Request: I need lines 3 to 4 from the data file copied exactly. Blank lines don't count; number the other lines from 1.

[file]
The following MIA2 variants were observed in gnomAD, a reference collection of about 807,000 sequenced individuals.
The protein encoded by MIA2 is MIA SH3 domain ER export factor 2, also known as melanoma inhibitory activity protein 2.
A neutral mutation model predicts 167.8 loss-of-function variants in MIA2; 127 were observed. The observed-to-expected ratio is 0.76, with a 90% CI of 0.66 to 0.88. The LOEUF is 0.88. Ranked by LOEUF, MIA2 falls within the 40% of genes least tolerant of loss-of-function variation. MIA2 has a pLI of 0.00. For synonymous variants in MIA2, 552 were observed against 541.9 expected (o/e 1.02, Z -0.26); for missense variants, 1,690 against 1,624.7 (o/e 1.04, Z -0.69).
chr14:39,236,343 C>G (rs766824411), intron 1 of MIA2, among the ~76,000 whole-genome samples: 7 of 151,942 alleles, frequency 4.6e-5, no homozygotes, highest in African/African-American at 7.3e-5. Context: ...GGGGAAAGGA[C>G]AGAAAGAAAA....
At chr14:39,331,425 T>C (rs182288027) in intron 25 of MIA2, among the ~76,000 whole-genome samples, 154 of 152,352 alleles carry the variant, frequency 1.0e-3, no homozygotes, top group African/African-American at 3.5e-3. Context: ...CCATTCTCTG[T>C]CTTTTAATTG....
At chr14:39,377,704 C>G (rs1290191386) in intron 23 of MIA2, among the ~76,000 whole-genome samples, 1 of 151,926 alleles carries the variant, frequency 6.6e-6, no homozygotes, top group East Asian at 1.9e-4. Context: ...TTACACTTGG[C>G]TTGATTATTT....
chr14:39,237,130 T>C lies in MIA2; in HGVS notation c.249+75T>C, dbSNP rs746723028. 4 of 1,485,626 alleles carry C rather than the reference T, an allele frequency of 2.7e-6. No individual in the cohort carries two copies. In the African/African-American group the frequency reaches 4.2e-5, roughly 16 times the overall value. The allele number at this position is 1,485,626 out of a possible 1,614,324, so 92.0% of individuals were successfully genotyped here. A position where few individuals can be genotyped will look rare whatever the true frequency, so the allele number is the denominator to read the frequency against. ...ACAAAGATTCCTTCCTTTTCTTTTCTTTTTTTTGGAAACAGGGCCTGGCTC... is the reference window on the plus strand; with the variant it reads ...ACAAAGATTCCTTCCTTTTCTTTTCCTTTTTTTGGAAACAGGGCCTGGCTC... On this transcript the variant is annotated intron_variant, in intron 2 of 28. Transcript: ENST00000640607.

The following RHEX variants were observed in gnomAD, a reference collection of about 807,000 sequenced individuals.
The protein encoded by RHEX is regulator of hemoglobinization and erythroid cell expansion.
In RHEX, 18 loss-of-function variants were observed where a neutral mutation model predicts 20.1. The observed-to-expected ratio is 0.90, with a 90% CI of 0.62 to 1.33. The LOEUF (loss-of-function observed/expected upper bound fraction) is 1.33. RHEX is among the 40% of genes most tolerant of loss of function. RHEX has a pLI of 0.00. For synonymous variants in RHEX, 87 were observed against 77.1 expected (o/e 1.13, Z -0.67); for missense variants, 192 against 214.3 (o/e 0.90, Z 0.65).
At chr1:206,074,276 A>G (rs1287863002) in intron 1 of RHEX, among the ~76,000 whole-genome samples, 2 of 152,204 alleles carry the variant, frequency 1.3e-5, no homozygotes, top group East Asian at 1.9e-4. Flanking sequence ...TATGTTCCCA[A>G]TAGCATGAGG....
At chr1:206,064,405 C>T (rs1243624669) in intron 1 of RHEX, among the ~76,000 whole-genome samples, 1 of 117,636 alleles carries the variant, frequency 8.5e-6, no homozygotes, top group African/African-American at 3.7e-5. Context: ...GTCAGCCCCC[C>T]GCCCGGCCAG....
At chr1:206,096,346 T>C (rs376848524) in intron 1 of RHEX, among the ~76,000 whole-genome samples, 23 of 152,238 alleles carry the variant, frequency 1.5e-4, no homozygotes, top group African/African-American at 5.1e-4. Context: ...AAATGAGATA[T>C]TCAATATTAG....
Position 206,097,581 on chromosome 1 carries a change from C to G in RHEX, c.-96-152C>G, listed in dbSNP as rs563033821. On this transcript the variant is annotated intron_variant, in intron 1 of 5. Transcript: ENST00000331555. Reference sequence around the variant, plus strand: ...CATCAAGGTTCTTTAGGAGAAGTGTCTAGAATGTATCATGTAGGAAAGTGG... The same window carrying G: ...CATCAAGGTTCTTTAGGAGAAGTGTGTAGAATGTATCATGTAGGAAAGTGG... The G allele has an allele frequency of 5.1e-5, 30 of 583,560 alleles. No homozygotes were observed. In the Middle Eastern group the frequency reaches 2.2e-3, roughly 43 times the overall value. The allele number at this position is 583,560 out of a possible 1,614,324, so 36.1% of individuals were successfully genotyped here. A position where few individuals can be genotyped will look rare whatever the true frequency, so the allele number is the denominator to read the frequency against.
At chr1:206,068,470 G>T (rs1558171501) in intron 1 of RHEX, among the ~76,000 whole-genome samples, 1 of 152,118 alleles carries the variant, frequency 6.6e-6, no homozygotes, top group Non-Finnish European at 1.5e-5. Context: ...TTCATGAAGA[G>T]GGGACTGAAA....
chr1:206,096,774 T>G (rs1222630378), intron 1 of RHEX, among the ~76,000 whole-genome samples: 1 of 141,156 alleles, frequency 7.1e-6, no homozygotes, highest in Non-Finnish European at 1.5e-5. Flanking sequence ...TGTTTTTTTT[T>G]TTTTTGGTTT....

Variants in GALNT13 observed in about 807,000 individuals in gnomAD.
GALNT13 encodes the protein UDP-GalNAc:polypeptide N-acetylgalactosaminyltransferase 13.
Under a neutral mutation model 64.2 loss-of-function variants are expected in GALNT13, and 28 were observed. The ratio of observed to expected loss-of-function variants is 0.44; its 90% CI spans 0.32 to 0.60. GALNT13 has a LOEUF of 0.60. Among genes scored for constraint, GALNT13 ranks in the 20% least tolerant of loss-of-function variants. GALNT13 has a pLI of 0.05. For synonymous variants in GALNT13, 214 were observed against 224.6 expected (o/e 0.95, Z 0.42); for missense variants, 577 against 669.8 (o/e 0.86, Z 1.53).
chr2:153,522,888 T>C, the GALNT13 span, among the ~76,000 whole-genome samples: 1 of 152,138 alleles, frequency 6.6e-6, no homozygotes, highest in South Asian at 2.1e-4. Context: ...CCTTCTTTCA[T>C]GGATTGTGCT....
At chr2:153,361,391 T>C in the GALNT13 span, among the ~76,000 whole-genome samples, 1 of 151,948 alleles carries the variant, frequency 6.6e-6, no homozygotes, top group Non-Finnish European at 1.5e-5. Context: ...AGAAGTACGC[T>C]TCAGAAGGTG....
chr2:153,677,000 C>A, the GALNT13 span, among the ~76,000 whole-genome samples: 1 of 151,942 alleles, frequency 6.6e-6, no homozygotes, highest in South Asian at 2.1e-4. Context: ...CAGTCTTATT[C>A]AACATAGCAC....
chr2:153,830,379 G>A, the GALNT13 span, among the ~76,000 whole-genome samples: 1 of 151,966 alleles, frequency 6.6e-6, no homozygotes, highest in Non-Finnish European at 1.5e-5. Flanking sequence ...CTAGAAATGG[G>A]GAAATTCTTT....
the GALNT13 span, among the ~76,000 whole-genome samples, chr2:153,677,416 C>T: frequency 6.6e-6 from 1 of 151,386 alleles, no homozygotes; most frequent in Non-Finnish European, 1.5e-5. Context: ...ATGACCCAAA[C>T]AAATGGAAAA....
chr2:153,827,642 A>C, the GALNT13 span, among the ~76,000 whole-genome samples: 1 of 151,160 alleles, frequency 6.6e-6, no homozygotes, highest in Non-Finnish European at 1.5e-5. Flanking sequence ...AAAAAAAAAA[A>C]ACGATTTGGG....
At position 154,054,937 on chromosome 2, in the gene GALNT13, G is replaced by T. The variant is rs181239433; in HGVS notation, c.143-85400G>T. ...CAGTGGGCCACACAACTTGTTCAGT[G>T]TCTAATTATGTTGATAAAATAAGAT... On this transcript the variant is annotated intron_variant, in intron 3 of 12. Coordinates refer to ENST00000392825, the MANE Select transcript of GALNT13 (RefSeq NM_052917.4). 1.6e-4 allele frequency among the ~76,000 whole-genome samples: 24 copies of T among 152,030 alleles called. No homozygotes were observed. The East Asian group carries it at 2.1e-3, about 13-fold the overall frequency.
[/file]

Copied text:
A neutral mutation model predicts 167.8 loss-of-function variants in MIA2; 127 were observed. The observed-to-expected ratio is 0.76, with a 90% CI of 0.66 to 0.88. The LOEUF is 0.88. Ranked by LOEUF, MIA2 falls within the 40% of genes least tolerant of loss-of-function variation. MIA2 has a pLI of 0.00. For synonymous variants in MIA2, 552 were observed against 541.9 expected (o/e 1.02, Z -0.26); for missense variants, 1,690 against 1,624.7 (o/e 1.04, Z -0.69).
chr14:39,236,343 C>G (rs766824411), intron 1 of MIA2, among the ~76,000 whole-genome samples: 7 of 151,942 alleles, frequency 4.6e-5, no homozygotes, highest in African/African-American at 7.3e-5. Context: ...GGGGAAAGGA[C>G]AGAAAGAAAA....